Police Urged to Replace Bulletproof Vests

The nation's largest supplier of bullet-resistant vests to law enforcement agencies is urging its customers to replace vests containing the fiber Zylon (search), saying they may not be safe.

Second Chance Body Armor (search) said Wednesday it had sent notices to police agencies nationwide. The warning affects about 58,000 Tri-Flex vests and an additional 40,000 Ultima and Ultimax vests with Performance Pacs, the company said in a statement.

New research shows that vests made even partially with Zylon "may fail to perform and result in serious injury or death," it said.

Second Chance, based in Central Lake, is undergoing reorganization in federal bankruptcy court after being targeted in numerous lawsuits claiming its vests made with Zylon are defective.

The company said it would ask the court to devise a procedure for vest owners to make claims arising from the latest warnings.

"While Second Chance has not received any reports of field failures of the products in question, we felt it was our obligation to report these new research findings immediately," said Matt Davis, vice president of sales and marketing.

"The safety and well-being of all the officers who wear our body armor is of primary importance to Second Chance, and we strongly encourage all officers to replace ballistic vests that contain Zylon as quickly as possible."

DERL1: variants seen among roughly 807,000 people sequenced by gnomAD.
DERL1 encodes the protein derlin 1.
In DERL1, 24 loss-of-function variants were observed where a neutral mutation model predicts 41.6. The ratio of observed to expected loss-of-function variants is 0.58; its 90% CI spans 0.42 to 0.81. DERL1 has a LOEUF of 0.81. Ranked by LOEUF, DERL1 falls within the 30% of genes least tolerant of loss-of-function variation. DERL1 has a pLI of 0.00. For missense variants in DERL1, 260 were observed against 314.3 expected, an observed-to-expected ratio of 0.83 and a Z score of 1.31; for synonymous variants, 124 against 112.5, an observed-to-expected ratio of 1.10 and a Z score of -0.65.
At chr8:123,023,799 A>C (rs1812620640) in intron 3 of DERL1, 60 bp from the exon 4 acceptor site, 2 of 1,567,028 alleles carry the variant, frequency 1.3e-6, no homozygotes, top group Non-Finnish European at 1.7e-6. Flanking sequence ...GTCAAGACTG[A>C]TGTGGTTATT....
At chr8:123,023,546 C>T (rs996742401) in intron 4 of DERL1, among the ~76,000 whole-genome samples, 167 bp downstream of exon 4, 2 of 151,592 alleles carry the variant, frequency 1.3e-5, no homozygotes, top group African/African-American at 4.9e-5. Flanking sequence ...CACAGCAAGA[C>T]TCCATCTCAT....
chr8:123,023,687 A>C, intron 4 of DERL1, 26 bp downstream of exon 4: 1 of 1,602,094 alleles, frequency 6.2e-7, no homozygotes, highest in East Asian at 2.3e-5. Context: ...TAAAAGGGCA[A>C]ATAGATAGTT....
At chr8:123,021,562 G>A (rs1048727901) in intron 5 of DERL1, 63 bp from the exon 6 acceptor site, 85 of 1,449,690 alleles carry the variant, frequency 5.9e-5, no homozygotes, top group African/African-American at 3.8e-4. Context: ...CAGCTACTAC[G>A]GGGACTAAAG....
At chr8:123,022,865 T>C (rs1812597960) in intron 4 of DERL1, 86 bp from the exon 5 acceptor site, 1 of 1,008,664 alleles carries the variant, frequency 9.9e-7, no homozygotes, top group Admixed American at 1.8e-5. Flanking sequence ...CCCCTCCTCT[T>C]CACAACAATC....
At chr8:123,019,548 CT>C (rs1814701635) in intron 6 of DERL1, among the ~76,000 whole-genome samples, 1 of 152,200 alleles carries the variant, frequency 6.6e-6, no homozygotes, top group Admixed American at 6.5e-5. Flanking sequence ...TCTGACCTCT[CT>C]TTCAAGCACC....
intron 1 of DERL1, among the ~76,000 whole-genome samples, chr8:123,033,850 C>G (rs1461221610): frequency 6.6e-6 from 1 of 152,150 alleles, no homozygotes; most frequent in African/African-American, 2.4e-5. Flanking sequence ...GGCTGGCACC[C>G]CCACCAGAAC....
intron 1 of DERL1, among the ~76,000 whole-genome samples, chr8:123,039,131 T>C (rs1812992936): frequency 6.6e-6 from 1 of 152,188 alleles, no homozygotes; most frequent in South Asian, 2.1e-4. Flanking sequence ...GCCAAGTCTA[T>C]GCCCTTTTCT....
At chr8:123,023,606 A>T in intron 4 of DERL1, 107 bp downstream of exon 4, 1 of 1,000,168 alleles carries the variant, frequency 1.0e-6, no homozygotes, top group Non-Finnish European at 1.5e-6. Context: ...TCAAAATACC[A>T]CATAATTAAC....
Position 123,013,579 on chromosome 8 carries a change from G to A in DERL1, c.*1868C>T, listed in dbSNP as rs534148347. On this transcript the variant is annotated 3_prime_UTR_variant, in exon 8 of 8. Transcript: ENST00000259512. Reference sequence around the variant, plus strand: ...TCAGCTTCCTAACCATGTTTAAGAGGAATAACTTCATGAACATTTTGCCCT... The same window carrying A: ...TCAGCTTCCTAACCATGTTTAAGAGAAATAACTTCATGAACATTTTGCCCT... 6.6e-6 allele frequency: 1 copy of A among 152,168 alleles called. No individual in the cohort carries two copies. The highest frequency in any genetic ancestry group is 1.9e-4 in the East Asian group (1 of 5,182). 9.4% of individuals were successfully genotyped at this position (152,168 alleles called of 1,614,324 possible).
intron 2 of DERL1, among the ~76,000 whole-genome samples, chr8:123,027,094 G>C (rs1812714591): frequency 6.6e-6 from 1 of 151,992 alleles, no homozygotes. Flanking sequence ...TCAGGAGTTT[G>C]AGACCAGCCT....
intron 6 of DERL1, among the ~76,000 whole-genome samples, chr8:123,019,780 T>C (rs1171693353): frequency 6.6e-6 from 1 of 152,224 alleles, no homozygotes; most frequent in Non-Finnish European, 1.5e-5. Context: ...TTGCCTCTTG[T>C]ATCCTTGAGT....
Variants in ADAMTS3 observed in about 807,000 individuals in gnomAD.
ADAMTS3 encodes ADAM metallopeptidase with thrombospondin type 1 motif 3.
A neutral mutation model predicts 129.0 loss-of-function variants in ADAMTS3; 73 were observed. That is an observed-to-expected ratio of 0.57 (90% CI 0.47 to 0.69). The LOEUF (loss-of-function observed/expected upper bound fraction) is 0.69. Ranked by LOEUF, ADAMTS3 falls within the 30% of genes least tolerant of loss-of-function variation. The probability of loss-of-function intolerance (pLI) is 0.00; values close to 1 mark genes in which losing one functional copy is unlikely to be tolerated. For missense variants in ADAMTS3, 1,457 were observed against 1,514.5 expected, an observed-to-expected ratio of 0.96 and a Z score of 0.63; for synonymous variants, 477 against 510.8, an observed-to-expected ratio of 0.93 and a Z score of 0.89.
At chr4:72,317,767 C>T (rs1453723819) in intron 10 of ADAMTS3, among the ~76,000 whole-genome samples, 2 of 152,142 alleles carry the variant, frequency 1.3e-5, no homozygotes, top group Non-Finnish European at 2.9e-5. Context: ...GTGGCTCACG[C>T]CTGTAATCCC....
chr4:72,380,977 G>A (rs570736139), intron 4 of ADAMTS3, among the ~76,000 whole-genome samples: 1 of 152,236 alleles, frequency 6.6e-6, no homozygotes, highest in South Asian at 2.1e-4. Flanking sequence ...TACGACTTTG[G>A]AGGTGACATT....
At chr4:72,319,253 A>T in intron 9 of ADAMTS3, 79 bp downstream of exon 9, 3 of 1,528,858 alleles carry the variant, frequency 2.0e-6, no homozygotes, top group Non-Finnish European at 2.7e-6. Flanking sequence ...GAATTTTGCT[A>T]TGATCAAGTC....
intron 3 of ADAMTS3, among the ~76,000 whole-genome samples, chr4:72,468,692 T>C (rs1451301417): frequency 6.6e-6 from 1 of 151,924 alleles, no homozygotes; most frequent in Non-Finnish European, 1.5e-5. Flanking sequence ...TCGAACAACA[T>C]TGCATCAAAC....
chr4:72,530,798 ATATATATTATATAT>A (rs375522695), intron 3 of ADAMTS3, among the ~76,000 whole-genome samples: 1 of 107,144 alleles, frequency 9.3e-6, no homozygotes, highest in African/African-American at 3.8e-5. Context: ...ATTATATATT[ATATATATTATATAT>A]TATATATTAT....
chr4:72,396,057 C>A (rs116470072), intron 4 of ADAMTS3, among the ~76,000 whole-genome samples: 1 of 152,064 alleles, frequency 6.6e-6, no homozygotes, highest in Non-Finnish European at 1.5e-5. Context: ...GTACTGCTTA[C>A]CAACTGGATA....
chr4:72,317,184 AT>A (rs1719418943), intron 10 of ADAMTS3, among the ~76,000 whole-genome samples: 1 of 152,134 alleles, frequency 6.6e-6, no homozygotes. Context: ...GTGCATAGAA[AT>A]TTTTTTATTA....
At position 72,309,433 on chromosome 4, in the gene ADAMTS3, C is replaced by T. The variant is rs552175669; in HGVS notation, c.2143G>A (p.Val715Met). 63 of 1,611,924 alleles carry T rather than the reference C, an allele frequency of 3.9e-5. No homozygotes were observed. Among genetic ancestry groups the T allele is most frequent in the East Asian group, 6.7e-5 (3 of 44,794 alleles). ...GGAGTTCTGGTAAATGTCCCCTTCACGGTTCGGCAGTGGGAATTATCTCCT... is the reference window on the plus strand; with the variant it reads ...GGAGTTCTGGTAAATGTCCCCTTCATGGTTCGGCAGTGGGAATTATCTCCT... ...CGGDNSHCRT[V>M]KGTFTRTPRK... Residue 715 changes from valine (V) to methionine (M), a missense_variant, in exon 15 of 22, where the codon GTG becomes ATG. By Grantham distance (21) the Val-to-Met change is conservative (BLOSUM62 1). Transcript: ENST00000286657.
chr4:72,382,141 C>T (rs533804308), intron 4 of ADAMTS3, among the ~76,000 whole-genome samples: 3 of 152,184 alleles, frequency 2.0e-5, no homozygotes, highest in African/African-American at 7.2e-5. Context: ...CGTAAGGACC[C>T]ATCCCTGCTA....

Second Chance began making vests with Zylon in 1998, saying it was lighter and more comfortable than other fibers used in body armor. The company announced in 2003 it had concerns about the durability of Zylon vests and recalled more than 130,000 of them made entirely with Zylon.

The latest notice pertains to vests containing a mixture of Zylon and other materials. Ultima and Ultimax vests originally contained only Zylon, but the Performance Pacs designed to boost their effectiveness have other fibers.

Lawsuits against Second Chance have been filed in at least 11 states, and federal and state investigations have been started. Seven lawsuits have been filed by state governments.

Zylon is manufactured by Toyobo Co (search),. a Japanese company also targeted in numerous lawsuits. Toyobo has acknowledged that tests show Zylon loses 10 percent to 20 percent of its durability within two years of manufacture. But the company says the fiber works well in body armor that is properly constructed.

Second Chance said the research that prompted its latest safety notice was conducted by a polymer chemist retained by the company's legal counsel.

Tests designed to determine the cause of the vests' degradation detected unexpectedly high levels of acids that "can lead to a sudden and dramatic loss of tensile strength," the company said.

"These test results lead us to believe that even products that contain relatively low percentages of Zylon by weight may fail to perform as expected," Davis said.